Again, they had a full-bodied texture that was quite satisfying—not just fluffy cake. They tasted similar to the gluten free cake we had purchased from a local food truck baker who said she had worked very hard to perfect a gluten free cake recipe she liked. I decorated these cupcakes to share with you here, even though they never made it to any party.
End of story. Now my daughter knows my secret too. And here’s the recipe. Try it if you have a gluten-free family member. Or to delight your gluten free kid—keep a stash in your freezer when there’s a birthday party whenever he or she need to bring their own cupcakes.
Eat them if you dare!
Yellow Gluten Free Cupcakes
1 ½ cups white rice flour
¾ cup tapioca flour
1 teaspoon salt
1 teaspoon baking soda
3 teaspoons baking powder (most is gluten free)
1 teaspoon xanthangum
1 ¼ cup sugar
2/3 cup mayonnaise
1 cup milk
2 teaspoons gluten free vanilla
Mix flours and other dry ingredients. In a separate bowl, mix eggs, sugar and mayo until fluffy. Add to the flour mixture. Add milk and vanilla. Pour into 12-15 muffin tins lined with cupcake papers. Bake at 350 for 22 – 25 minutes, or until a toothpick inserted in middle of a cupcake comes out clean.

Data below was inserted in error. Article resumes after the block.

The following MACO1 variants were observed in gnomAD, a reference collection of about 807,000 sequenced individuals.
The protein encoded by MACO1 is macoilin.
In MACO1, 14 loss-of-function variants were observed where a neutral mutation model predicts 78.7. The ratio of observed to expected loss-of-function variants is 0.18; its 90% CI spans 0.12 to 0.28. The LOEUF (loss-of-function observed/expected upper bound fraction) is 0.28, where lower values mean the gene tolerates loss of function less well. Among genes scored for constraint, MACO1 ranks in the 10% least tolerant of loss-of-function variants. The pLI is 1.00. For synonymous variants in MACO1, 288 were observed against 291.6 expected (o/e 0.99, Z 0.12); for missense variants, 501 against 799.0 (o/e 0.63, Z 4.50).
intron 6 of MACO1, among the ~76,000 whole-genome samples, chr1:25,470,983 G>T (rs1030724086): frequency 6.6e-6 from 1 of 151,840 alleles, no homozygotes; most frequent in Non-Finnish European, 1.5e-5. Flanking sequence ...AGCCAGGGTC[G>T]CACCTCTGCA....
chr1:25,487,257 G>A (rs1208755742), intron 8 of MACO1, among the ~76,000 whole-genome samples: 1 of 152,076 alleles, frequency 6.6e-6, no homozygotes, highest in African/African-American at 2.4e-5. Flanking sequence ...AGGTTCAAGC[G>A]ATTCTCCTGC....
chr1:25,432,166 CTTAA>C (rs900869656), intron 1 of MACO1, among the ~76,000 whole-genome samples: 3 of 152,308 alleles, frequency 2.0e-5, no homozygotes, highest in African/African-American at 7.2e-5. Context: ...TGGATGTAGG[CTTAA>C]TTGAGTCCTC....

Freeze (if desired) then frost and decorate. (I used canned white frosting and sprinkles.)
What would you have done? Stories?
Have you ever shared aging or less-than-perfect treats
or dessert with the “break room” crowd? Results?
Another Way for week of March 10, 2017
Lenten Conversations: Martin Marty on Family Time
Editor’s note: Third in a six-week Lenten series of interviews Melodie Davis conducted with influential Christians.
One of the persons I felt most privileged to interview several years ago was Dr. Martin Marty, longtime editor, prolific author, and columnist at Christian Century magazine. That he would agree to an interview with a pretty much unknown writer/producer says something about his humble spirit. Among many laurels, The University of Chicago Divinity School named their institute for advanced research in the study of religion “The Martin Marty Center.”
As a Lutheran, Marty was named of course for Martin Luther, the great reformer. 2017 marks 500 years since Martin Luther wrote and nailed his “95 Theses” (on why the church needed reforming) to the door of the Wittenberg church in Germany. What an inspirational model for the young Martin Marty.
For years I enjoyed his weekly “M.E.M.O” column in the Christian Century. If Marty’s good health and remarkable mind continue, he will soon be 90 and still publishing (now contributes to the Sightings column). I will admit that his writing is sometimes too thick and academic for my inadequate brain.
Yet I will forever treasure his humor, his spirit (he always seems to be smiling as if keeping a
secret joke), and his willingness to welcome me into his Chicago condo and office looking out on a glorious view of Lake Michigan. I was recording an interview for the Mennonite church’s radio program on family issues, a denominational group which Marty respects highly. Marty of course is amply familiar with Mennonites from his wide academic study of religion, but he also came to know the small denomination through Richard Kauffman, book review editor at the Century for many years.